Tokyo Twilight (Tokyo boshoku)

Critics Consensus

No consensus yet.



Total Count: 8


Audience Score

User Ratings: 1,189
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Movie Info

As Yasujiro Ozu's final black-and-white picture, the 1957 Tokyo Twilight explores the emotional landscapes and nuances within a strained Japanese family. Two daughters - Akiko (Ineko Arima) and Takako (Setsuko Hara) - grew up under the sold guardianship of their father, Mr. Sugiyama (Chishu Ryu) after their mother walked out on the family. This created serious psychological problems for both young women that extended well into adulthood: Akiko now spends all of her free time haunting bars and pachinko parlors, looking for her boyfriend, while Takako withdraws from a severely dysfunctional relationship with her alcoholic husband, by whom she has one daughter. In time, Akiko meets a woman who claims to know her as an acquaintance from their childhood neighborhood, and senses that the lady might actually be her mother. This film ventures into slightly darker psychodramatic territory than much of Ozu's work, by courageously dramatizing and exploring issues such as maternal abandonment, broken families and substance abuse.


Setsuko Hara
as Takako Numata
Kamatari Fujiwara
as Noodle vendor
Ineko Arima
as Akiko Sugiyama
Isuzu Yamada
as Kisako Soma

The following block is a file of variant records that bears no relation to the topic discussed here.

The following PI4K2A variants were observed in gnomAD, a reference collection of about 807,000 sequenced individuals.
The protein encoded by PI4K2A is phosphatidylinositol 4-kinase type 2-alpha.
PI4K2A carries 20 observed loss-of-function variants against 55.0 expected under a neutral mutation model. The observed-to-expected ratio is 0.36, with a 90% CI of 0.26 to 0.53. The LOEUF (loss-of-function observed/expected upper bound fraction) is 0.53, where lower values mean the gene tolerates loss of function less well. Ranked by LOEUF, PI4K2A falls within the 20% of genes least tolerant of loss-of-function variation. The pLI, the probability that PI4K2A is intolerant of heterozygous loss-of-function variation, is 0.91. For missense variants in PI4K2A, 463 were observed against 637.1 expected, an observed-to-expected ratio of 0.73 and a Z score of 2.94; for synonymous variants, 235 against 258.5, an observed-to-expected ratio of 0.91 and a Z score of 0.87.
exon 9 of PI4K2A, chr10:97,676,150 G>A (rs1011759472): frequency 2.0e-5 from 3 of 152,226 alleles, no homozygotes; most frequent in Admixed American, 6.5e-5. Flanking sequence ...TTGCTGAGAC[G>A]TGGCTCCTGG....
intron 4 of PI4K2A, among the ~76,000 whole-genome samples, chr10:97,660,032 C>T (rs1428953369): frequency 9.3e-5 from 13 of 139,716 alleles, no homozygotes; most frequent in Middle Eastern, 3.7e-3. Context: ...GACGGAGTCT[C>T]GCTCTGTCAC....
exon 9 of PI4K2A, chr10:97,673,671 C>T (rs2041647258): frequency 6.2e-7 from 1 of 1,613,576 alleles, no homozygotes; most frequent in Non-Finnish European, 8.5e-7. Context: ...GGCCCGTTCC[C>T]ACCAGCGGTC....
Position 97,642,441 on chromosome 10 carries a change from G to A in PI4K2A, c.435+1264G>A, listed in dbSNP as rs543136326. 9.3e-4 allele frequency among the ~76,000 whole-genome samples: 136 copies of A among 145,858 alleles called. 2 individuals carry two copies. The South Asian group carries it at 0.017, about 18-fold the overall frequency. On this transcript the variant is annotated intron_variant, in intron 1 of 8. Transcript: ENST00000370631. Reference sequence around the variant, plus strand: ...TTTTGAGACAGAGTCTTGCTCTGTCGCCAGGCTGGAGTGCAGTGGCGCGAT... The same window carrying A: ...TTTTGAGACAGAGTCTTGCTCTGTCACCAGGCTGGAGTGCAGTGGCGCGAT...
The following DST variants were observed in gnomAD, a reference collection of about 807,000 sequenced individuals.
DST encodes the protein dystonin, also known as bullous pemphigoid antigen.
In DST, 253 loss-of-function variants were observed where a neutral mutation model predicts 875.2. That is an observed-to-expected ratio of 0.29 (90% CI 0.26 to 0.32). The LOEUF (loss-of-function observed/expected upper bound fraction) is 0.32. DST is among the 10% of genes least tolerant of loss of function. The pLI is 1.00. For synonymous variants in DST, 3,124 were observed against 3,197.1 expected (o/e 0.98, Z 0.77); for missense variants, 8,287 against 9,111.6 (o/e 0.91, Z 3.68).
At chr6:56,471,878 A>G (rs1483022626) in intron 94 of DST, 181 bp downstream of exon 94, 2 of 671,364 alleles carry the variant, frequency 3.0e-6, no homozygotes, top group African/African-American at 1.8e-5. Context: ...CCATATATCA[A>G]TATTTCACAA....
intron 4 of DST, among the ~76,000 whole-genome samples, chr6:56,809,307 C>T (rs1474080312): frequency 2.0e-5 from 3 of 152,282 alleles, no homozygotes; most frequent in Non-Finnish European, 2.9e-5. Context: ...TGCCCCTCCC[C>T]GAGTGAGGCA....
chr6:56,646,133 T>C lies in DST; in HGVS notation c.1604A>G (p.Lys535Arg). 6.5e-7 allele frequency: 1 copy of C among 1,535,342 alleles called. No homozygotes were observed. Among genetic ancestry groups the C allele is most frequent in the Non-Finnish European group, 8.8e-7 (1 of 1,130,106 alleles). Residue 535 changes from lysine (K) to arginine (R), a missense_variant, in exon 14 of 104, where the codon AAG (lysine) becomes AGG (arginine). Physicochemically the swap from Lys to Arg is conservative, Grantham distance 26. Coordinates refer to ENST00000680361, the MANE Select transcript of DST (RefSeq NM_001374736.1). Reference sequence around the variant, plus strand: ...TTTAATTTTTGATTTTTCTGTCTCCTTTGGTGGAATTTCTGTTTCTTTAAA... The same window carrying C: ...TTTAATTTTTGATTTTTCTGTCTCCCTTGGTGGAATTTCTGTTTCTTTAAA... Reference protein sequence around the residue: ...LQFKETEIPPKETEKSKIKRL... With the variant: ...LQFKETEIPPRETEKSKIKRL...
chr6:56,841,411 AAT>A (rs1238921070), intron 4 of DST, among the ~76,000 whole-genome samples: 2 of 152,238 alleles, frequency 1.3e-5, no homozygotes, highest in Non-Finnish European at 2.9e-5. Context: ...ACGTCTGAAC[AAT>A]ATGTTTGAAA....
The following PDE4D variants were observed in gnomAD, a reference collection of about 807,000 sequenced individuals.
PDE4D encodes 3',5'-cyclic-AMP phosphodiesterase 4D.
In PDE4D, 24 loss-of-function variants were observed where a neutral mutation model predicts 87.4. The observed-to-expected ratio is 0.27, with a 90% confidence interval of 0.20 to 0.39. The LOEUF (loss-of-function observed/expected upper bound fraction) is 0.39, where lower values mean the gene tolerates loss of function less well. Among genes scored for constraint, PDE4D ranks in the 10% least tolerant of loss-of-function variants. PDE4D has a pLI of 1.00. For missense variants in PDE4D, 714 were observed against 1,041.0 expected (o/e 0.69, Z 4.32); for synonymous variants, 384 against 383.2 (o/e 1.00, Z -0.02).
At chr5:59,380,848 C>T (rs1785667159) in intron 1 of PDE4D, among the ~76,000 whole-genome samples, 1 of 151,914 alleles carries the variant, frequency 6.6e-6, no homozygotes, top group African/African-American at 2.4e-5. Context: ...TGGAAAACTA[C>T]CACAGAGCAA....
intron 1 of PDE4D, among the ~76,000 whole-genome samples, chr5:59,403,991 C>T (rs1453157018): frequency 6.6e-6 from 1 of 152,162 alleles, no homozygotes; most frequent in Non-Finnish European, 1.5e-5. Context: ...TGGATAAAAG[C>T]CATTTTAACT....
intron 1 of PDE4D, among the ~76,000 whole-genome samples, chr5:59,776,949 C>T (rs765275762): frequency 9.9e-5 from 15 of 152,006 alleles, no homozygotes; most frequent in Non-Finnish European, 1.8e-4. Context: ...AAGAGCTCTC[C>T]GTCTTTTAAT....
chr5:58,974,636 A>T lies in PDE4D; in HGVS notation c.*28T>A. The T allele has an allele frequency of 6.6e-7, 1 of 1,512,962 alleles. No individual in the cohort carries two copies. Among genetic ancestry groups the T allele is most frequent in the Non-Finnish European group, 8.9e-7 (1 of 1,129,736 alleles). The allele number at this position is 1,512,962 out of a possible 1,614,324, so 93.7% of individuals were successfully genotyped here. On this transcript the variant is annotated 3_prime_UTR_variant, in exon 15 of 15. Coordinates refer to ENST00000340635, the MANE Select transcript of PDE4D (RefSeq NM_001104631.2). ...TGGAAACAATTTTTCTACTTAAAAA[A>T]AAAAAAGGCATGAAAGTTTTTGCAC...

Nobuo Nakamura
as Sakae Aiba
Teiji Takahashi
as Noburo Kawaguchi
Chishu Ryu
as Shukichi Sugiyama
Kinzo Shin
as Yasuo Numata
Haruko Sugimura
as Shigeko Takeuchi
Sô Yamamura
as Seki Sekiguchi
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Critic Reviews for Tokyo Twilight (Tokyo boshoku)

All Critics (8) | Top Critics (2)

Audience Reviews for Tokyo Twilight (Tokyo boshoku)

  • Aug 21, 2017
    This film is methodical in developing its tale of troubles for a Japanese family, which had a wife run away from her husband and two daughters when they were young, the older daughter (now grown) running away from her own unhappy marriage, and the younger daughter running with the wrong crowd and getting pregnant. Despite all these dark elements, the film is very prim and proper in its delivery, and rather quiet. The older daughter is played reasonably well by Setsuko Hara, but she's upstaged by Ineko Arima, who plays her rebellious younger sister. The scenes with Arima frustrated by her lover's games, dealing with an unwanted pregnancy, and wondering if she was the product of an affair of her mother's are among the best in the film. It was interesting to contrast the handling of abortion by director Yasujiro Ozu with that by 'new wave' director Nagisa Oshima (Cruel Story of Youth, 1960), and the American Robert Mulligan (Love with the Proper Stranger, 1963). The issues I had with the film all relate back to Ozu's direction. Early on in the film you'll notice actors often staring directly into the camera as they deliver their dialogue, particularly the father (Chishu Ryu). These simple shots seem dated, even for the time period. As the film progresses, it's too ponderous in many of its shots and scenes, such that it ends up being much too long at 140 minutes. Lastly, I disliked the fact that it was ultimately a morality tale. With a heavy hand, Ozu essentially tells us it's important to keep a marriage together even if it's unhappy, because one parent will not be enough. The message is dated, and his delivery lacks artistry.
    Antonius B Super Reviewer
  • Feb 06, 2010